4 legitimate flow-like use case. For a Web Service itself, asynchronous interaction means that it will use oneway operations to receive an asynchronous request and notification operations to send asynchronous replies. This use case is even less typical but no less legitimate. In particular, if the two operations involved in the asynchronous interaction are composed in a flow-like kind of service, then their execution contexts may not necessarily be the same and so it is useful to have a well defined meaning for it. Thus, asynchronous clients and asynchronous services are actually natural in flow-like composition, where the operations become the embodiment of activities that are linked within a flow. This means that a well understood conceptual framework for, at least, synchronous/asynchronous interactions is essential. But also, it is not unreasonable to assume that some implementations of WSFL will be message-based while others may not. Thus the full integration framework becomes necessary. 4 Related Work 4.1 CORBA Messaging The CORBA Messaging service [16] defines an Asynchronous Method Invocation (AMI) model to allow CORBA objects to be invoked asynchronously from clients. This way, a CORBA client does not need to wait for an invocation on a CORBA object to complete, it can receive a reply at a later time. A CORBA object is unaware that this is actually happening. From its point of view the invocation could as well have been made synchronously. This illusion is accomplished by transforming a plain IDL interface into an implied IDL interface for clients to use and by poten-tially storing and forwarding requests and replies. Asynchronous invocations can be made in two modes: callback and polling. In the callback mode a callback object reference is passed by a client as part of the invocation. When a reply is ready, the callback object is invoked with it. This callback object is defined as a ReplyHandler in the implied IDL. In the polling mode, the invocation returns an object that can be queried at any time to obtain the status of the outstanding request. This object is defined as a Poller value in the implied IDL. CORBA Messaging is a facility for allowing CORBA clients to interact asynchronously with CORBA servers, both of which are entities that are interacted with via object references, that is, in a targeted fashion. Furthermore, one of the goals of CORBA Messaging is to make AMI opaque to servers. In other words, CORBA servers are always synchronous. 4.2 Container-managed Messaging Container-managed Messaging [17] is aimed at providing a uniform view of either object-oriented components or message-oriented applications to object-oriented components. To this end, an architecture and programming model is defined that approach messaging as a container-managed service. The programming model includes a modes of interaction aspect that is analogous to the interaction timing aspect we present. It also includes a degrees of transparency aspect that addresses the exposure of an objec-oriented component to the messaging domain. The architecture includes artifacts such as a message proxy, a result proxy, a message listener, and a callback proxy. While container-managed messaging presents an approach to integrating object-oriented components and message-oriented applications, it does so from the point of view of the object-oriented component. In particular, the interaction coupling aspect we have presented is not fully addressed. Also, there is no attempt at providing a more neutral specification mechanism for the kinds of interacting partners. References [1] The Business Process Management Initiative, [2] BizTalk, 4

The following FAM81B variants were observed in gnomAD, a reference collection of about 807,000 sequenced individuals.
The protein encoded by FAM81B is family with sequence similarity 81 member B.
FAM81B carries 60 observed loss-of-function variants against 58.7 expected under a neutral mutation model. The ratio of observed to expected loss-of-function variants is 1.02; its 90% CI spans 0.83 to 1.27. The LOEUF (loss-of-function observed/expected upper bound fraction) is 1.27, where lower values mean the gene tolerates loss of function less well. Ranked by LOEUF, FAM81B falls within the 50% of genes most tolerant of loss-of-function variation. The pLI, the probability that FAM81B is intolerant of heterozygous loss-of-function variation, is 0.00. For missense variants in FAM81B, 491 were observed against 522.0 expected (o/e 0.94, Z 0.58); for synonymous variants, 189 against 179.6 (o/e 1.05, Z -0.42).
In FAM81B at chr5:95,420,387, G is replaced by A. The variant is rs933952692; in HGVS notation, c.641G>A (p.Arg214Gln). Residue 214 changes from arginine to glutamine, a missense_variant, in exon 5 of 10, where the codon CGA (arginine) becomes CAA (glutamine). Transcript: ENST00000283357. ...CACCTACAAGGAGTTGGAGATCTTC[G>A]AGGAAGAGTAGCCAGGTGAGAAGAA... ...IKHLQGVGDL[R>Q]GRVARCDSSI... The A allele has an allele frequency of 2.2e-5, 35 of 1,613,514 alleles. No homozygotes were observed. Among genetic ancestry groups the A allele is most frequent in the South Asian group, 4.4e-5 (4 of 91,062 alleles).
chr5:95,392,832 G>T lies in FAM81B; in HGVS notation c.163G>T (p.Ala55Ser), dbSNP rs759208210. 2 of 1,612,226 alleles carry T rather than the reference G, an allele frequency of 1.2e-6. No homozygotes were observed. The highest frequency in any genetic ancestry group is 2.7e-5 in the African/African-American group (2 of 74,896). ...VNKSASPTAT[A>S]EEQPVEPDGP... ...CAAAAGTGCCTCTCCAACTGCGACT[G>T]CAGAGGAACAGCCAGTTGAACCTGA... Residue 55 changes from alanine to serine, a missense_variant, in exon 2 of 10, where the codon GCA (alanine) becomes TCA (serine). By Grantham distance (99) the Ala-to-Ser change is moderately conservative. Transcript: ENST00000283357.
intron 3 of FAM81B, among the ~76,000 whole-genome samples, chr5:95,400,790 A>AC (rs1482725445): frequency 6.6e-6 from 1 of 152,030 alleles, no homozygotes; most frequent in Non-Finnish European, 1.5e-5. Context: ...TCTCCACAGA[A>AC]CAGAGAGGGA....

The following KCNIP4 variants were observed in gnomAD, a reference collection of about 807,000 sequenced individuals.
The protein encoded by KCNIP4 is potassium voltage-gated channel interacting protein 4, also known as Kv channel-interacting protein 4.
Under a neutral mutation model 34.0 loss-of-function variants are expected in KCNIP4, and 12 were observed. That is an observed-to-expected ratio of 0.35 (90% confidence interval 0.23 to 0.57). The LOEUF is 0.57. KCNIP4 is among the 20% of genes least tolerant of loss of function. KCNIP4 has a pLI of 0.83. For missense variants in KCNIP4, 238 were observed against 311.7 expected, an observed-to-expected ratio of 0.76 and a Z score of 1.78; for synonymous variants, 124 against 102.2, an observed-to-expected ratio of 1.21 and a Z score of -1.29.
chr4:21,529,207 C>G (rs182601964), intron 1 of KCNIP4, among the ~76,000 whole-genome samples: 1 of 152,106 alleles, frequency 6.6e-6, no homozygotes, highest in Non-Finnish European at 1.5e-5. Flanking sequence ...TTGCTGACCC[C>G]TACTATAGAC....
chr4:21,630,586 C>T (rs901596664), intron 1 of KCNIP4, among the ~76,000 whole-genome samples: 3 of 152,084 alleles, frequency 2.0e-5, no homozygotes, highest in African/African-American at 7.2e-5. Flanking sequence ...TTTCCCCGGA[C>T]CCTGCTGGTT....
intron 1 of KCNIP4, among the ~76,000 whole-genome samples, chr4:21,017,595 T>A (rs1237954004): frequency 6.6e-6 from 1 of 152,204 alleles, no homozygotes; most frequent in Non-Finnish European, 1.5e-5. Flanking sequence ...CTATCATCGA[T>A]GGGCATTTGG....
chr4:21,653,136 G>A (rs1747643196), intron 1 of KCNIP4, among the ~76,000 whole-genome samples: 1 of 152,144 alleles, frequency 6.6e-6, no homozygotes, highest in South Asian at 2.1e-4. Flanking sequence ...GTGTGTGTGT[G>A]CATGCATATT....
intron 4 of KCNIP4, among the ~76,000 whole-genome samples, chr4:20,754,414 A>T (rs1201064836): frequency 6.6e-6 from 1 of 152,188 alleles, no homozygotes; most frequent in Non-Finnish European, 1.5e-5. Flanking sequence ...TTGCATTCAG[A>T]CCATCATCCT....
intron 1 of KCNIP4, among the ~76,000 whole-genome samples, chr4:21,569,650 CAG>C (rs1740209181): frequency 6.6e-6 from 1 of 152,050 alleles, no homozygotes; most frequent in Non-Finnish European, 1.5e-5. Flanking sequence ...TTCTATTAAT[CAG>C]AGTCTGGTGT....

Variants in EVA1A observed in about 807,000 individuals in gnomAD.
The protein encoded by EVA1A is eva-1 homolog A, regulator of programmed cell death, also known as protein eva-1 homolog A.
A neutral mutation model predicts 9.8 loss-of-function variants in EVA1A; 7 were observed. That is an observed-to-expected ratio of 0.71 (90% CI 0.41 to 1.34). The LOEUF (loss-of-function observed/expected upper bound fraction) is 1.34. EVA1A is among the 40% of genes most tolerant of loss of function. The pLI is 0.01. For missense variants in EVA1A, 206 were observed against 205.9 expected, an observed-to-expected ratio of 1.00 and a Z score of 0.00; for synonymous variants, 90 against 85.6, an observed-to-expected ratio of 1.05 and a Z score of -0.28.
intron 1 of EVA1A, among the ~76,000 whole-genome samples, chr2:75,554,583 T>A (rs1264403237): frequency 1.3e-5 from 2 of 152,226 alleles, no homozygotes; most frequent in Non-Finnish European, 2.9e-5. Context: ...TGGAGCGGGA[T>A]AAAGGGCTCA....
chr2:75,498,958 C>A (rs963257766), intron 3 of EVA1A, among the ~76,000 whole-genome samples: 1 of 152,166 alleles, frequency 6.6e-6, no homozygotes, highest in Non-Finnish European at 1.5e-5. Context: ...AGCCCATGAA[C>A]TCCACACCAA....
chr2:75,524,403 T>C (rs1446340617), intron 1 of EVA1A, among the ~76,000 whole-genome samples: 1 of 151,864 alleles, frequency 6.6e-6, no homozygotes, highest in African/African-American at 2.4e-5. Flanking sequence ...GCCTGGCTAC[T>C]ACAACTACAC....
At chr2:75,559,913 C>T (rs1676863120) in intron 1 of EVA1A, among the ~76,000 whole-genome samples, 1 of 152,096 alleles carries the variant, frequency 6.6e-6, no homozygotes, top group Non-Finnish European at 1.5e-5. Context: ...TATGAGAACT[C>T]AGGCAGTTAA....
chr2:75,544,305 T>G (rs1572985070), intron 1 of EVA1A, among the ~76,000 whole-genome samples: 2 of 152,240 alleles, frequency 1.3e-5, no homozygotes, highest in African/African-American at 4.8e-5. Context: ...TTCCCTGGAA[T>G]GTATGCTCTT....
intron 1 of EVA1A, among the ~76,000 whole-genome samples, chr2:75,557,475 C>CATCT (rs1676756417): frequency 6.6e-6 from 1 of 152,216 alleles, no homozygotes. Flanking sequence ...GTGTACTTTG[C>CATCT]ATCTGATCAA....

5 [3] E. Box, D. Ehnebuske, G. Kakivaya, A. Layman, N. Mendelsohn, H. F. Nielsen, S. Thatte, D. Winer, Simple Object Access Protocol (SOAP) 1.1, May Available at [4] E. Christensen, F. Curbera, G. Meredith, and S. Weerawarana, Web Services Description Language (WSDL) 1.0, September Available at [5] IBM Corporation, Web Services Architecture Overview, September Available at [6] IBM Corporation, Web Services Flow Language (WSFL 1.0), available at 4.ibm.com/software/solutions/webservices/pdf/WSFL.pdf. [7] IBM Corporation and Microsoft Corporation, Web Services Framework, Available at [8] Microsoft Corporation, XML, Web Services, and the.net Framework, Available at [9] J. Siegel, CORBA 3. Fundamentals and Programming, John Wiley & Sons, New York, [10] C. Szyperski, Component Software : Beyond Object-Oriented Programming Addison-Wesley, Harlow, England, [11] UDDI Project, UDDI Executive White Paper, September Available at [12] UDDI Project, UDDI Technical White Paper, September Available at [13] World Wide Web Consortium, XML Schema Part 1: Structures, W3C Candidate Recommendation, October 2000 Available at [14] World Wide Web Consortium, XML Protocol Activity, [15] XAML - Transaction Authority Markup Language [16] CORBA Messaging, May 1998, OMG TC Document orbos/ , Available at [17] I. Silva-Lepe, C. Codella, P. Niblett, D. Ferguson, Container-Managed Messaging: An Architecture for Integrating Java Components and Message-Oriented Applications, Proceedings of the 37th International Conference on Technology of Object-Oriented Languages and Systems (TOOLS-Pacific 2000), November 2000, Sydney Australia. 5